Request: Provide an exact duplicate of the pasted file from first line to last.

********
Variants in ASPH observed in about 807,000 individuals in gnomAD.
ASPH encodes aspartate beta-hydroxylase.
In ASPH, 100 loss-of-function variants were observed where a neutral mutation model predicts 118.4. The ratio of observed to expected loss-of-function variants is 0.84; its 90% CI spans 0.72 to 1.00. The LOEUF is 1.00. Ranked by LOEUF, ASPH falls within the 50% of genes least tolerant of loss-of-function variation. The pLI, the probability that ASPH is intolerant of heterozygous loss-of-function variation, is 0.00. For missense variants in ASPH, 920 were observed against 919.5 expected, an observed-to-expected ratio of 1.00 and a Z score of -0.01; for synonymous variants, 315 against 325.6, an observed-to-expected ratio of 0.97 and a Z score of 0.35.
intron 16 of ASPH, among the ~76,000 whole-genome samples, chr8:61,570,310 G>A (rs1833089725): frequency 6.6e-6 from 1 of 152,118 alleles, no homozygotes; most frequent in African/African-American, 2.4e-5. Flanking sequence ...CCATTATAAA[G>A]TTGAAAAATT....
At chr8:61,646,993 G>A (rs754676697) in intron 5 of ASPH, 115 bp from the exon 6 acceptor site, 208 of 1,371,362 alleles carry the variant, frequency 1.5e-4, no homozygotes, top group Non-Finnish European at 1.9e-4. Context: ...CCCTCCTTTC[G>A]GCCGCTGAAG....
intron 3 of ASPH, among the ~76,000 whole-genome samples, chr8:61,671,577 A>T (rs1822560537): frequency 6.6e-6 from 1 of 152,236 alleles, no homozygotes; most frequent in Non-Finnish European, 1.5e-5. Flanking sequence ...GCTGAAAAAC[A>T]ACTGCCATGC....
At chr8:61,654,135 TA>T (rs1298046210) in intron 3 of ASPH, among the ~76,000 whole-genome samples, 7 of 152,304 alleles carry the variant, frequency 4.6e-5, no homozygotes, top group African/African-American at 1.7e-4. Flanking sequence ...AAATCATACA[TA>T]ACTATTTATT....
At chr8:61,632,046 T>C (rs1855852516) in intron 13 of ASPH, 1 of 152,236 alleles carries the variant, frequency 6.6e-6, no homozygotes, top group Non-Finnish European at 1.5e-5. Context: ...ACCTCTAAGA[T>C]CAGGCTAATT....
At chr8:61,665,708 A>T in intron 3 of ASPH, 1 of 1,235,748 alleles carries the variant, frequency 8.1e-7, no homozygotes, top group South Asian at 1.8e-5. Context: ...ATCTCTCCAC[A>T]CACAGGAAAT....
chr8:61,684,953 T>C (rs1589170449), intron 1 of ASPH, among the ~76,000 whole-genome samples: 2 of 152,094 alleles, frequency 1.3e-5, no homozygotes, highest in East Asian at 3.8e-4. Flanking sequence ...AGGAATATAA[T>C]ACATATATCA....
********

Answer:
Variants in ASPH observed in about 807,000 individuals in gnomAD.
ASPH encodes aspartate beta-hydroxylase.
In ASPH, 100 loss-of-function variants were observed where a neutral mutation model predicts 118.4. The ratio of observed to expected loss-of-function variants is 0.84; its 90% CI spans 0.72 to 1.00. The LOEUF is 1.00. Ranked by LOEUF, ASPH falls within the 50% of genes least tolerant of loss-of-function variation. The pLI, the probability that ASPH is intolerant of heterozygous loss-of-function variation, is 0.00. For missense variants in ASPH, 920 were observed against 919.5 expected, an observed-to-expected ratio of 1.00 and a Z score of -0.01; for synonymous variants, 315 against 325.6, an observed-to-expected ratio of 0.97 and a Z score of 0.35.
intron 16 of ASPH, among the ~76,000 whole-genome samples, chr8:61,570,310 G>A (rs1833089725): frequency 6.6e-6 from 1 of 152,118 alleles, no homozygotes; most frequent in African/African-American, 2.4e-5. Flanking sequence ...CCATTATAAA[G>A]TTGAAAAATT....
At chr8:61,646,993 G>A (rs754676697) in intron 5 of ASPH, 115 bp from the exon 6 acceptor site, 208 of 1,371,362 alleles carry the variant, frequency 1.5e-4, no homozygotes, top group Non-Finnish European at 1.9e-4. Context: ...CCCTCCTTTC[G>A]GCCGCTGAAG....
intron 3 of ASPH, among the ~76,000 whole-genome samples, chr8:61,671,577 A>T (rs1822560537): frequency 6.6e-6 from 1 of 152,236 alleles, no homozygotes; most frequent in Non-Finnish European, 1.5e-5. Flanking sequence ...GCTGAAAAAC[A>T]ACTGCCATGC....
At chr8:61,654,135 TA>T (rs1298046210) in intron 3 of ASPH, among the ~76,000 whole-genome samples, 7 of 152,304 alleles carry the variant, frequency 4.6e-5, no homozygotes, top group African/African-American at 1.7e-4. Flanking sequence ...AAATCATACA[TA>T]ACTATTTATT....
At chr8:61,632,046 T>C (rs1855852516) in intron 13 of ASPH, 1 of 152,236 alleles carries the variant, frequency 6.6e-6, no homozygotes, top group Non-Finnish European at 1.5e-5. Context: ...ACCTCTAAGA[T>C]CAGGCTAATT....
At chr8:61,665,708 A>T in intron 3 of ASPH, 1 of 1,235,748 alleles carries the variant, frequency 8.1e-7, no homozygotes, top group South Asian at 1.8e-5. Context: ...ATCTCTCCAC[A>T]CACAGGAAAT....
chr8:61,684,953 T>C (rs1589170449), intron 1 of ASPH, among the ~76,000 whole-genome samples: 2 of 152,094 alleles, frequency 1.3e-5, no homozygotes, highest in East Asian at 3.8e-4. Flanking sequence ...AGGAATATAA[T>C]ACATATATCA....